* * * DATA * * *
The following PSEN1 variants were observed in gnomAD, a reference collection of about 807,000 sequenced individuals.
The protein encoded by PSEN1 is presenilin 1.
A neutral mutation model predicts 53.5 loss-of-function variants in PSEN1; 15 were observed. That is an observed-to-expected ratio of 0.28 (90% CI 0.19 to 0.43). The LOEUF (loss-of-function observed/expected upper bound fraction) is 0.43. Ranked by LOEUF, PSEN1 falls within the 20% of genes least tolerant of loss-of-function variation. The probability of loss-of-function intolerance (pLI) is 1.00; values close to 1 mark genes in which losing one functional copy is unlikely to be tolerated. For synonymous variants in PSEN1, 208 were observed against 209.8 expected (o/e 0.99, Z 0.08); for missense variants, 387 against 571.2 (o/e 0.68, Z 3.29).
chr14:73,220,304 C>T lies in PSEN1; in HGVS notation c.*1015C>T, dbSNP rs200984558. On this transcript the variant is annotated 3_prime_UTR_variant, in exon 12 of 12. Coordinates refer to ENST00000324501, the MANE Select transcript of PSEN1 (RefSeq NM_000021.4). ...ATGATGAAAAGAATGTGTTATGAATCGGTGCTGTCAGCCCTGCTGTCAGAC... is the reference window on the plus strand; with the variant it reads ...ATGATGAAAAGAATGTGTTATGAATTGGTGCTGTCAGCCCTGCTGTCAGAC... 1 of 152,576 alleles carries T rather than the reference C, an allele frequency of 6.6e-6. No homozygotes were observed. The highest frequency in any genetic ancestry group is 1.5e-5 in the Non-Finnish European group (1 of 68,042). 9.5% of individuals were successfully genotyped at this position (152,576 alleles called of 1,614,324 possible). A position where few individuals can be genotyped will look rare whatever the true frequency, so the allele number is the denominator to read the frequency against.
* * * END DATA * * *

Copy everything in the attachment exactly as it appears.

The following PSEN1 variants were observed in gnomAD, a reference collection of about 807,000 sequenced individuals.
The protein encoded by PSEN1 is presenilin 1.
A neutral mutation model predicts 53.5 loss-of-function variants in PSEN1; 15 were observed. That is an observed-to-expected ratio of 0.28 (90% CI 0.19 to 0.43). The LOEUF (loss-of-function observed/expected upper bound fraction) is 0.43. Ranked by LOEUF, PSEN1 falls within the 20% of genes least tolerant of loss-of-function variation. The probability of loss-of-function intolerance (pLI) is 1.00; values close to 1 mark genes in which losing one functional copy is unlikely to be tolerated. For synonymous variants in PSEN1, 208 were observed against 209.8 expected (o/e 0.99, Z 0.08); for missense variants, 387 against 571.2 (o/e 0.68, Z 3.29).
chr14:73,220,304 C>T lies in PSEN1; in HGVS notation c.*1015C>T, dbSNP rs200984558. On this transcript the variant is annotated 3_prime_UTR_variant, in exon 12 of 12. Coordinates refer to ENST00000324501, the MANE Select transcript of PSEN1 (RefSeq NM_000021.4). ...ATGATGAAAAGAATGTGTTATGAATCGGTGCTGTCAGCCCTGCTGTCAGAC... is the reference window on the plus strand; with the variant it reads ...ATGATGAAAAGAATGTGTTATGAATTGGTGCTGTCAGCCCTGCTGTCAGAC... 1 of 152,576 alleles carries T rather than the reference C, an allele frequency of 6.6e-6. No homozygotes were observed. The highest frequency in any genetic ancestry group is 1.5e-5 in the Non-Finnish European group (1 of 68,042). 9.5% of individuals were successfully genotyped at this position (152,576 alleles called of 1,614,324 possible). A position where few individuals can be genotyped will look rare whatever the true frequency, so the allele number is the denominator to read the frequency against.